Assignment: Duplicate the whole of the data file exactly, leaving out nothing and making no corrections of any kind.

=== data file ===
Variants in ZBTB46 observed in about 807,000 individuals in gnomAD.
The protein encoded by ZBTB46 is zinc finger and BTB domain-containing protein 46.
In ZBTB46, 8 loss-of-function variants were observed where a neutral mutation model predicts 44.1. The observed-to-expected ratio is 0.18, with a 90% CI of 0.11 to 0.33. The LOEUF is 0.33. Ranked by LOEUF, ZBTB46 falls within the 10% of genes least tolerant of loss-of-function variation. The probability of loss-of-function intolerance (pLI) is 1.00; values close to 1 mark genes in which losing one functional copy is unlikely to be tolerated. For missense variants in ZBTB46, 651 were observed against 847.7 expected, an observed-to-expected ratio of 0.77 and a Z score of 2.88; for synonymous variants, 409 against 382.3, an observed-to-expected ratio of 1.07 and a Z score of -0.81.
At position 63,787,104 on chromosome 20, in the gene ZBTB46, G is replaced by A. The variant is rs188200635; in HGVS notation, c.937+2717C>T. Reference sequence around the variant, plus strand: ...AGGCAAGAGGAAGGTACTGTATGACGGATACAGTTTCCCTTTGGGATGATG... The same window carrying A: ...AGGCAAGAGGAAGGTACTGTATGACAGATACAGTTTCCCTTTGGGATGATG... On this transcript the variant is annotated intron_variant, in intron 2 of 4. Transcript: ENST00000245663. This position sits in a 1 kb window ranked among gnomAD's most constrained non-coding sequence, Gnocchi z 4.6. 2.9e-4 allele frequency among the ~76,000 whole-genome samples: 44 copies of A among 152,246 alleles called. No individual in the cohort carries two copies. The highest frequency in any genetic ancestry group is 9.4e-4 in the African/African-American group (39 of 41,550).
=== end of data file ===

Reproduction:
Variants in ZBTB46 observed in about 807,000 individuals in gnomAD.
The protein encoded by ZBTB46 is zinc finger and BTB domain-containing protein 46.
In ZBTB46, 8 loss-of-function variants were observed where a neutral mutation model predicts 44.1. The observed-to-expected ratio is 0.18, with a 90% CI of 0.11 to 0.33. The LOEUF is 0.33. Ranked by LOEUF, ZBTB46 falls within the 10% of genes least tolerant of loss-of-function variation. The probability of loss-of-function intolerance (pLI) is 1.00; values close to 1 mark genes in which losing one functional copy is unlikely to be tolerated. For missense variants in ZBTB46, 651 were observed against 847.7 expected, an observed-to-expected ratio of 0.77 and a Z score of 2.88; for synonymous variants, 409 against 382.3, an observed-to-expected ratio of 1.07 and a Z score of -0.81.
At position 63,787,104 on chromosome 20, in the gene ZBTB46, G is replaced by A. The variant is rs188200635; in HGVS notation, c.937+2717C>T. Reference sequence around the variant, plus strand: ...AGGCAAGAGGAAGGTACTGTATGACGGATACAGTTTCCCTTTGGGATGATG... The same window carrying A: ...AGGCAAGAGGAAGGTACTGTATGACAGATACAGTTTCCCTTTGGGATGATG... On this transcript the variant is annotated intron_variant, in intron 2 of 4. Transcript: ENST00000245663. This position sits in a 1 kb window ranked among gnomAD's most constrained non-coding sequence, Gnocchi z 4.6. 2.9e-4 allele frequency among the ~76,000 whole-genome samples: 44 copies of A among 152,246 alleles called. No individual in the cohort carries two copies. The highest frequency in any genetic ancestry group is 9.4e-4 in the African/African-American group (39 of 41,550).